Christine Lagarde says government need to focus on reducing inequality
The International Monetary Fund Managing Director Christine Lagarde on Jan. 27 found herself on the defensive as the audience sought for the global fund’s roles on Uganda’s development.
This was during a public lecture held at the Kampala Serena Conference Centre under the theme “Becoming the champion: Uganda’s development challenge.”
The queries ranged from IMF’s liberalisation policies and conditions on loans that have had a disastrous impact on development to how a country can manage funding competing priorities amidst small resource envelope.
But Lagarde said she has not been in Uganda for the last 30 years although countries that adopted its policies have not suffered.
“Uganda has done well. That is my personal view,” she said, attracting laughter in the crowd.
She, however, said policies that Uganda chooses at the moment will determine whether or not will be on a road to overcome poverty and provide opportunities to the entire population.
Uganda’s poverty levels – measured by international ratings of US$1.25 earning per day per person –have declined to 19.7% in 2013 from 56.4% in 1993 – putting Uganda in the bracket of countries that met the target of the first Millennium Development Goal of halving poverty by 2015.
On increasing taxes, Lagarde said it makes sense for Uganda to have all sorts of taxes as longer as they are affordable and likely to attract Foreign Direct Investments (FDI) and increase domestic resource mobilization while lessening unwanted external resource mobilization.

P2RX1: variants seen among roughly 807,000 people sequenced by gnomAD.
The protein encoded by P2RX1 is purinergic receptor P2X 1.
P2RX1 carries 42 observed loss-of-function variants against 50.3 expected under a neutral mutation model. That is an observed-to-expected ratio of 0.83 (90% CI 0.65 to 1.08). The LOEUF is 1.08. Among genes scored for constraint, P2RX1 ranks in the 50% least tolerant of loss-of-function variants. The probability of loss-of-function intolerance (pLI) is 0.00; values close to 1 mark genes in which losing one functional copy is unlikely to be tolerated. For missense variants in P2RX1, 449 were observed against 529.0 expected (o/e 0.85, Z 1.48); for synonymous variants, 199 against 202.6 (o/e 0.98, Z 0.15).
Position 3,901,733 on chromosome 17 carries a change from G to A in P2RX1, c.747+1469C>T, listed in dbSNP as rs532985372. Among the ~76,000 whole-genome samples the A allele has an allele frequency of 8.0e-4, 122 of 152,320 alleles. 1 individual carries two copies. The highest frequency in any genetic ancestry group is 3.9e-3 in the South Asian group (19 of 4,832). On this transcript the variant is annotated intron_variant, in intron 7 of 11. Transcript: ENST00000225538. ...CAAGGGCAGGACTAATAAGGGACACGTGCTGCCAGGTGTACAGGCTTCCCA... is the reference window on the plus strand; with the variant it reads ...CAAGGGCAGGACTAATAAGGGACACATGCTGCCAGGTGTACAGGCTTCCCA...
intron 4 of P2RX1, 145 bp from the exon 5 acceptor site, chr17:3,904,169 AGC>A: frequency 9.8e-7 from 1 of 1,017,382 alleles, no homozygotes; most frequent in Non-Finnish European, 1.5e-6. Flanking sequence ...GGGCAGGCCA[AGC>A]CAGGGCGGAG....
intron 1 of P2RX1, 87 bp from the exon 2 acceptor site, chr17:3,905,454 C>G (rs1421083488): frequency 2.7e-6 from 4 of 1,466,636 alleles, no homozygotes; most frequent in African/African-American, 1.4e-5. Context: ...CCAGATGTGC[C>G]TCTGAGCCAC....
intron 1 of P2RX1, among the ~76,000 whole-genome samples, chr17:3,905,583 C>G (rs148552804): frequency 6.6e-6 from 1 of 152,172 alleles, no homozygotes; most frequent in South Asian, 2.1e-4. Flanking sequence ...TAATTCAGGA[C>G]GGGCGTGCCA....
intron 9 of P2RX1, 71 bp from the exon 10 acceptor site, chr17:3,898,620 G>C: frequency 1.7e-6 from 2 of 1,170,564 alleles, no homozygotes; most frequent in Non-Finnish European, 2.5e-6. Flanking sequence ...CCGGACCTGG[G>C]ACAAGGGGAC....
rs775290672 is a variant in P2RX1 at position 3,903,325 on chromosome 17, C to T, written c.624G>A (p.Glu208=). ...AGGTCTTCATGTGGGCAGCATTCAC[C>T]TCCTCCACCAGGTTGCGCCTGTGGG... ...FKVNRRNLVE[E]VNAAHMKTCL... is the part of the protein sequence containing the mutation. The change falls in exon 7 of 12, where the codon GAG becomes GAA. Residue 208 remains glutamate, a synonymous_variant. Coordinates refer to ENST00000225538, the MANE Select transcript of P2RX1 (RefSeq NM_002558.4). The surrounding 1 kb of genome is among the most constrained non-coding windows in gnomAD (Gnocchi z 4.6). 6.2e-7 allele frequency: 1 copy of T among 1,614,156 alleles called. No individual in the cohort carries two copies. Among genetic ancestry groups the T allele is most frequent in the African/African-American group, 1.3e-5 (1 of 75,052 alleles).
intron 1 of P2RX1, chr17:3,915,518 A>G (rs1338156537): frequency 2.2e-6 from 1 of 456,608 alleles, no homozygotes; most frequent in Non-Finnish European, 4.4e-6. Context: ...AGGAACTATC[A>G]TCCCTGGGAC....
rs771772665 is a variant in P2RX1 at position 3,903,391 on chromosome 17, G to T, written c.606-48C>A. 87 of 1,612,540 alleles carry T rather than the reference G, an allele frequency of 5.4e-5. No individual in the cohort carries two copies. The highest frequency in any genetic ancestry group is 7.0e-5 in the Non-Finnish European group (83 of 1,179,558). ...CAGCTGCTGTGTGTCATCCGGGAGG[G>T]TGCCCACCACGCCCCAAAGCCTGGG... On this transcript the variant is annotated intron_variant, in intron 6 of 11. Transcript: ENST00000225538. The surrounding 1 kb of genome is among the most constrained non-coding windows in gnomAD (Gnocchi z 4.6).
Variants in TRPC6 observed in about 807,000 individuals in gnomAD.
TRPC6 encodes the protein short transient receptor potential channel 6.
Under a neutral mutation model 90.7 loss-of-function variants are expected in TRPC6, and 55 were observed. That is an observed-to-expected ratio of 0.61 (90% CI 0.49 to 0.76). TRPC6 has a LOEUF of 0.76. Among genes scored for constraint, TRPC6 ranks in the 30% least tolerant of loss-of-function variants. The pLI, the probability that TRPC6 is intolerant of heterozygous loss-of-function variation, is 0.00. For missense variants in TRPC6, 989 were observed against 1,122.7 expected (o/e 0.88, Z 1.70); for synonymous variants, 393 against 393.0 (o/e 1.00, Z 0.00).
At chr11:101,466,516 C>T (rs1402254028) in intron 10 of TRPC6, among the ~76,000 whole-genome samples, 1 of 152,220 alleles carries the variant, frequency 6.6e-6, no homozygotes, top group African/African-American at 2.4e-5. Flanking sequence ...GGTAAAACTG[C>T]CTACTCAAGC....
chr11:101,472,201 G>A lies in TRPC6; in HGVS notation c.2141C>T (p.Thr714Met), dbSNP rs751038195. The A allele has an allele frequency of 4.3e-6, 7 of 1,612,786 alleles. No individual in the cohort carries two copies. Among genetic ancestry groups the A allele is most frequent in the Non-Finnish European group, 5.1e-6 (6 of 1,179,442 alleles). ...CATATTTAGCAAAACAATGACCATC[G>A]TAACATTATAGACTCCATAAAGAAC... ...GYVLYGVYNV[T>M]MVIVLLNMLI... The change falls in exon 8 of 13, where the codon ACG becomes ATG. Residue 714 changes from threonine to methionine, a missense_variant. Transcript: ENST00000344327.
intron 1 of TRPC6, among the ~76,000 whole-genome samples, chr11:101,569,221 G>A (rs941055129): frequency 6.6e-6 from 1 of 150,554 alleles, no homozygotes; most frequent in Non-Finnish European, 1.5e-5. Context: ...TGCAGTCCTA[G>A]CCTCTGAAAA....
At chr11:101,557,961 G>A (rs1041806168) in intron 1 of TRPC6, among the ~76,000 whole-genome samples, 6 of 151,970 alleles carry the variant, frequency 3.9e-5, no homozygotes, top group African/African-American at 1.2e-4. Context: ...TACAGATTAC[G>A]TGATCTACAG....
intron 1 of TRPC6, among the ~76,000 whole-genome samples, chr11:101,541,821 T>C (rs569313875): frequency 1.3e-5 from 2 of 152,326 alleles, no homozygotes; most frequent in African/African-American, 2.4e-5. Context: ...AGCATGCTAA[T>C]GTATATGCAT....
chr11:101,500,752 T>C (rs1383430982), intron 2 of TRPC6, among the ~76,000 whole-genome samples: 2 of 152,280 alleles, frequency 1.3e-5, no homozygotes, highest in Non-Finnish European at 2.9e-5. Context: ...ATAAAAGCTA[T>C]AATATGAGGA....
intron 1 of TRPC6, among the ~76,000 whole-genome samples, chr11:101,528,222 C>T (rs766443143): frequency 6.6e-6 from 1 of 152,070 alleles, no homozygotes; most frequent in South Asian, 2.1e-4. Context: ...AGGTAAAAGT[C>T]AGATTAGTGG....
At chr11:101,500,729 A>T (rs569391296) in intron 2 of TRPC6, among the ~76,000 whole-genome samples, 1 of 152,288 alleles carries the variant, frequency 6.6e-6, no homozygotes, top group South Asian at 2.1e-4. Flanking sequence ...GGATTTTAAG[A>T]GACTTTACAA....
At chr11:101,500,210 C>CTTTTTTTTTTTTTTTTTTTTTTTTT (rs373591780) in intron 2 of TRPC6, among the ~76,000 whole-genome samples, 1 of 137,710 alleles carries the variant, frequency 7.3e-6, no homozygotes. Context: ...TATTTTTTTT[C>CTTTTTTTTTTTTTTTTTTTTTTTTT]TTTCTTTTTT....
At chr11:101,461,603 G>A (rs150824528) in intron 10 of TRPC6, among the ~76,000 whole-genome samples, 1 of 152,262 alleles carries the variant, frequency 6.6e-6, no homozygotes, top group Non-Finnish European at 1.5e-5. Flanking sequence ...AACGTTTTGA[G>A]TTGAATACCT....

In addition, Uganda’s tax to Gross Domestic Product ratio remained almost stagnant for 19 years at 11% from 1997 and has since grown to between 11-13%, which is lower than the 18% of Sub Saharan Africa.
“I suggest that there’s need to put in place concrete measures to strengthen value added tax (VAT) administration and removal of some exemptions on the VAT and corporate income tax,” she said. “The IMF estimates that this could raise revenue by 3% of GDP or more.”
She said government’s reliance on borrowing alone to finance infrastructure would be unworkable as debt would become too high and unmanageable in future.
A section of economists, however, told The Independent that while they agree with some of the IMF policies, there’s need for the government’s inner involvement in driving economic activities to avoid exploitation of consumers by greedy investors.
“I can’t blame IMF; the blame is on government,” said Prof. Augustus Nuwagaba, a consultant at Reev Consult in Uganda. “The government can do anything as longer as it does not hurt the business or the consumer. Decisions must be fair to both parties.”
He cites BoU’s monetary policy – inflation targeting lite – that uses the Central Bank Rate – to determine interest rates in the market. He said this system has led the market record skyrocketing interest rates at the expense of borrowers and investment decisions.
For instance, sometime in 2012, prime lending rates for banks went up to approx.30% when the CBR touched a 23% mark amidst highest inflation levels of 30.5%, the highest since 1993.
Former Finance Minister and now Presidential Advisor on the economy, Ezra Suruma in his book; Advancing the Ugandan Economy: a Personal Account, says privatization led to the sale of Uganda Commercial Bank, which as managing director then, was performing well.